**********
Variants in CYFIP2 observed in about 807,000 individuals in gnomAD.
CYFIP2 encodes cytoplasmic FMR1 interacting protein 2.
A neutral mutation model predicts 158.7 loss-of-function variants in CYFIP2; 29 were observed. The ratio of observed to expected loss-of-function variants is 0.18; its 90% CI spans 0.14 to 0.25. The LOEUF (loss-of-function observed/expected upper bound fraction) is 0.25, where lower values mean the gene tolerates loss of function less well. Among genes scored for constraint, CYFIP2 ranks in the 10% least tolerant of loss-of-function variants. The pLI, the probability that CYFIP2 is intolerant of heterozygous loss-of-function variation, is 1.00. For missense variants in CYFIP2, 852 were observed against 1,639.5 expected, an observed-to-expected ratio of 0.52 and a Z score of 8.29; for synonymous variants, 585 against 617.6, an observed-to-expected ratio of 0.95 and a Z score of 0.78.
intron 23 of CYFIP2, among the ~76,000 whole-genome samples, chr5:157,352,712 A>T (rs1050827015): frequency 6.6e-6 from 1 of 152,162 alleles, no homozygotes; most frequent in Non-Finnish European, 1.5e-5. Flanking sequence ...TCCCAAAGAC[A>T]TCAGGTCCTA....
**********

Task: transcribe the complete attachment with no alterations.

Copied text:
Variants in CYFIP2 observed in about 807,000 individuals in gnomAD.
CYFIP2 encodes cytoplasmic FMR1 interacting protein 2.
A neutral mutation model predicts 158.7 loss-of-function variants in CYFIP2; 29 were observed. The ratio of observed to expected loss-of-function variants is 0.18; its 90% CI spans 0.14 to 0.25. The LOEUF (loss-of-function observed/expected upper bound fraction) is 0.25, where lower values mean the gene tolerates loss of function less well. Among genes scored for constraint, CYFIP2 ranks in the 10% least tolerant of loss-of-function variants. The pLI, the probability that CYFIP2 is intolerant of heterozygous loss-of-function variation, is 1.00. For missense variants in CYFIP2, 852 were observed against 1,639.5 expected, an observed-to-expected ratio of 0.52 and a Z score of 8.29; for synonymous variants, 585 against 617.6, an observed-to-expected ratio of 0.95 and a Z score of 0.78.
intron 23 of CYFIP2, among the ~76,000 whole-genome samples, chr5:157,352,712 A>T (rs1050827015): frequency 6.6e-6 from 1 of 152,162 alleles, no homozygotes; most frequent in Non-Finnish European, 1.5e-5. Flanking sequence ...TCCCAAAGAC[A>T]TCAGGTCCTA....